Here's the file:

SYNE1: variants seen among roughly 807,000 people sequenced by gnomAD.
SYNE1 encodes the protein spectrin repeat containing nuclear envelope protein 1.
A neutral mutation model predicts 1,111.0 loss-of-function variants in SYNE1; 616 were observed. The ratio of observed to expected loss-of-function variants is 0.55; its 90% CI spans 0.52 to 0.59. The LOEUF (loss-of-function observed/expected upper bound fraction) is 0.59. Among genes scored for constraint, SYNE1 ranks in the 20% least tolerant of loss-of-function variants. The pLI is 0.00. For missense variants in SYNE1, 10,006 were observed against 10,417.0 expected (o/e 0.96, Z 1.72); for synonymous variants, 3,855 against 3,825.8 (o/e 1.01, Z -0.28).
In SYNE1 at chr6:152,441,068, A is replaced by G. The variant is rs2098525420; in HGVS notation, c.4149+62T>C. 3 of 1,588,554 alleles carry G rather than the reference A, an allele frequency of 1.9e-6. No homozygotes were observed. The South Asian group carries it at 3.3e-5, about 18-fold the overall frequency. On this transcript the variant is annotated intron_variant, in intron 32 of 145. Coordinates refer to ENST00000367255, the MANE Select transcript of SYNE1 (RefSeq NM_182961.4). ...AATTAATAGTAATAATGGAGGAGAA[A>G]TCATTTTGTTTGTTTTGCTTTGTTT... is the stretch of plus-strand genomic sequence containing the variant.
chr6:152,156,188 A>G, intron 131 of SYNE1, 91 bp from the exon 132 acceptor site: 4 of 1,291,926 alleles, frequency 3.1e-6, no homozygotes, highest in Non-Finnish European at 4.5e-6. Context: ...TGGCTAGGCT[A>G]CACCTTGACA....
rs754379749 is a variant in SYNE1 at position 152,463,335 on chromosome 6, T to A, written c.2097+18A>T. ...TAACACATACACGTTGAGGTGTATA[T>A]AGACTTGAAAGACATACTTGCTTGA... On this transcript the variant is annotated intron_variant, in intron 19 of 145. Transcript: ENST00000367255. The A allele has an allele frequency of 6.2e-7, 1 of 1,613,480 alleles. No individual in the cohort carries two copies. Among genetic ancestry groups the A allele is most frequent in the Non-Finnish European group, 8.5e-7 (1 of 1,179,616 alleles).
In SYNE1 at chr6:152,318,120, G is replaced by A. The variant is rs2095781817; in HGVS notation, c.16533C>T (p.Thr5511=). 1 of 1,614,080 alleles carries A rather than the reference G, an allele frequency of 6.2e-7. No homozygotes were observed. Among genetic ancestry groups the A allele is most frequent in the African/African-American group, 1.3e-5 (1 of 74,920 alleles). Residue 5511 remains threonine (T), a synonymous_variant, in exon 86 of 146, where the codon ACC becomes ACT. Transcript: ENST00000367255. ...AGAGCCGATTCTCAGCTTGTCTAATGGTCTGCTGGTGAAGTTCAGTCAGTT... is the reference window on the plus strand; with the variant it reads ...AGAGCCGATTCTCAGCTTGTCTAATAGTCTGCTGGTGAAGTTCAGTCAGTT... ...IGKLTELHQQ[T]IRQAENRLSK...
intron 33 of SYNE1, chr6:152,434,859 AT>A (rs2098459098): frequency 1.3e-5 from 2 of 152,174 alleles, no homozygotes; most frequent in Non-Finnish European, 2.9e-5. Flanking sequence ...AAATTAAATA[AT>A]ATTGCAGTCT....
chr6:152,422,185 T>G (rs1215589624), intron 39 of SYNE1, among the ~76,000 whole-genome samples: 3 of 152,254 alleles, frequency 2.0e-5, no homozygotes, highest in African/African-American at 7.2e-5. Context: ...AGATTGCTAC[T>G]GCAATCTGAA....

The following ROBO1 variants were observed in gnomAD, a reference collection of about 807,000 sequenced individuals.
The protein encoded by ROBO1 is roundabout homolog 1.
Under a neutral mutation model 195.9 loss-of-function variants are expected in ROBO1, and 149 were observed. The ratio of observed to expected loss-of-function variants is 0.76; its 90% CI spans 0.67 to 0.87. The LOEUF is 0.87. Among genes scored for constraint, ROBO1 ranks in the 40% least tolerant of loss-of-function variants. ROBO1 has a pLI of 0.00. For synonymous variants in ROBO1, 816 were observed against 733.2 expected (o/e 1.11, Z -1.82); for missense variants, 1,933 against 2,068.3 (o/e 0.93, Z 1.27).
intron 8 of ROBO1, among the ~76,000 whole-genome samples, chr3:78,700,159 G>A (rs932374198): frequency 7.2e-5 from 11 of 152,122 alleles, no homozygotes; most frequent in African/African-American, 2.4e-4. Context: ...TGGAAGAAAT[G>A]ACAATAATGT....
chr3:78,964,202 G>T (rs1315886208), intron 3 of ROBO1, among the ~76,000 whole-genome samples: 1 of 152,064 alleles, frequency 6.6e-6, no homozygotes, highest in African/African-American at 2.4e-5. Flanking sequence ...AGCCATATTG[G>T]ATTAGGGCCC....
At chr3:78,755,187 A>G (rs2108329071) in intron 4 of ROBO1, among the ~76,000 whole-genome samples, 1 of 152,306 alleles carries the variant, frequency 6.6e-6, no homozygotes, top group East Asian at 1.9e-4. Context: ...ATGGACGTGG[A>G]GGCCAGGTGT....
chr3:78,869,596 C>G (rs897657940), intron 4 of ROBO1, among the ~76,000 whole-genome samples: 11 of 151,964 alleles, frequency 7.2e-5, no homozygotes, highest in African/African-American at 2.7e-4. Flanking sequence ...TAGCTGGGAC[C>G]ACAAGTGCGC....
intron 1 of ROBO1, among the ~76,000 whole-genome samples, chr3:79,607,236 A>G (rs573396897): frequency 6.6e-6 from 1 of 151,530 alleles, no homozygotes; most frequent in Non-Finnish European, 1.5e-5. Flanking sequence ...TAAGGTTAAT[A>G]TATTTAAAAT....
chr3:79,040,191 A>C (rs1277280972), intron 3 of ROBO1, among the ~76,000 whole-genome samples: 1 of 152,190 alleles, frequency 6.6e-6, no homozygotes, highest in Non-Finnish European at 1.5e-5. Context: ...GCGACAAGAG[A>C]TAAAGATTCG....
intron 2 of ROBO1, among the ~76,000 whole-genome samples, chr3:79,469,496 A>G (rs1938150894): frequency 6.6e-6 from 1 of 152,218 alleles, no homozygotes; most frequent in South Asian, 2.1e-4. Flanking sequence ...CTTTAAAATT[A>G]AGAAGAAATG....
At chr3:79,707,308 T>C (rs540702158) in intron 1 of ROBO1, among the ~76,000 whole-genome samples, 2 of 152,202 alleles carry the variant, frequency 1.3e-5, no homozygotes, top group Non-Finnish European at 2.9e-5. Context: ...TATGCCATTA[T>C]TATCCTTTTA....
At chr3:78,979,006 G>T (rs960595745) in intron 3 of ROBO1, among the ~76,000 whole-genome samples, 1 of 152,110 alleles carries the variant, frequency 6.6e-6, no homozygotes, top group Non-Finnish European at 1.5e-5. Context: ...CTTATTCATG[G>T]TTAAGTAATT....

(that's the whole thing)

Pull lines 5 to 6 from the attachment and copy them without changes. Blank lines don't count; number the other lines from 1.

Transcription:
chr6:152,156,188 A>G, intron 131 of SYNE1, 91 bp from the exon 132 acceptor site: 4 of 1,291,926 alleles, frequency 3.1e-6, no homozygotes, highest in Non-Finnish European at 4.5e-6. Context: ...TGGCTAGGCT[A>G]CACCTTGACA....
rs754379749 is a variant in SYNE1 at position 152,463,335 on chromosome 6, T to A, written c.2097+18A>T. ...TAACACATACACGTTGAGGTGTATA[T>A]AGACTTGAAAGACATACTTGCTTGA... On this transcript the variant is annotated intron_variant, in intron 19 of 145. Transcript: ENST00000367255. The A allele has an allele frequency of 6.2e-7, 1 of 1,613,480 alleles. No individual in the cohort carries two copies. Among genetic ancestry groups the A allele is most frequent in the Non-Finnish European group, 8.5e-7 (1 of 1,179,616 alleles).